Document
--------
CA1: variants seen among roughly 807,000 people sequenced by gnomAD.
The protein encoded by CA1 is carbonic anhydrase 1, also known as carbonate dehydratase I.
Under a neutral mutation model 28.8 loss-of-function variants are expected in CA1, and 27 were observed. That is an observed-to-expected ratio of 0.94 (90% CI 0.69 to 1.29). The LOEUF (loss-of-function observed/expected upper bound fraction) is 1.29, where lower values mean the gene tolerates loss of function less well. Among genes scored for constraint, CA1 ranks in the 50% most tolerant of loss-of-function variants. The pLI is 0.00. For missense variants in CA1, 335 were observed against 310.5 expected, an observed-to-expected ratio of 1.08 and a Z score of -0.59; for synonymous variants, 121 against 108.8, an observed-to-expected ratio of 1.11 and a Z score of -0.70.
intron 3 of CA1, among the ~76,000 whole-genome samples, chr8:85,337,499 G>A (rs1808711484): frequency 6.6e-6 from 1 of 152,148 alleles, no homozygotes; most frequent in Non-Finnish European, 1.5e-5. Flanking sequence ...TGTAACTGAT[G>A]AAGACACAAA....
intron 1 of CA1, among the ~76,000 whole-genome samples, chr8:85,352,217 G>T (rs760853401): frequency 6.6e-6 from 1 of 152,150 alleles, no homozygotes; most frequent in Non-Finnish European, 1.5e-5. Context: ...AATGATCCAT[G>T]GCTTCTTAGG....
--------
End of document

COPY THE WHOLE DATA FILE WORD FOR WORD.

CA1: variants seen among roughly 807,000 people sequenced by gnomAD.
The protein encoded by CA1 is carbonic anhydrase 1, also known as carbonate dehydratase I.
Under a neutral mutation model 28.8 loss-of-function variants are expected in CA1, and 27 were observed. That is an observed-to-expected ratio of 0.94 (90% CI 0.69 to 1.29). The LOEUF (loss-of-function observed/expected upper bound fraction) is 1.29, where lower values mean the gene tolerates loss of function less well. Among genes scored for constraint, CA1 ranks in the 50% most tolerant of loss-of-function variants. The pLI is 0.00. For missense variants in CA1, 335 were observed against 310.5 expected, an observed-to-expected ratio of 1.08 and a Z score of -0.59; for synonymous variants, 121 against 108.8, an observed-to-expected ratio of 1.11 and a Z score of -0.70.
intron 3 of CA1, among the ~76,000 whole-genome samples, chr8:85,337,499 G>A (rs1808711484): frequency 6.6e-6 from 1 of 152,148 alleles, no homozygotes; most frequent in Non-Finnish European, 1.5e-5. Flanking sequence ...TGTAACTGAT[G>A]AAGACACAAA....
intron 1 of CA1, among the ~76,000 whole-genome samples, chr8:85,352,217 G>T (rs760853401): frequency 6.6e-6 from 1 of 152,150 alleles, no homozygotes; most frequent in Non-Finnish European, 1.5e-5. Context: ...AATGATCCAT[G>T]GCTTCTTAGG....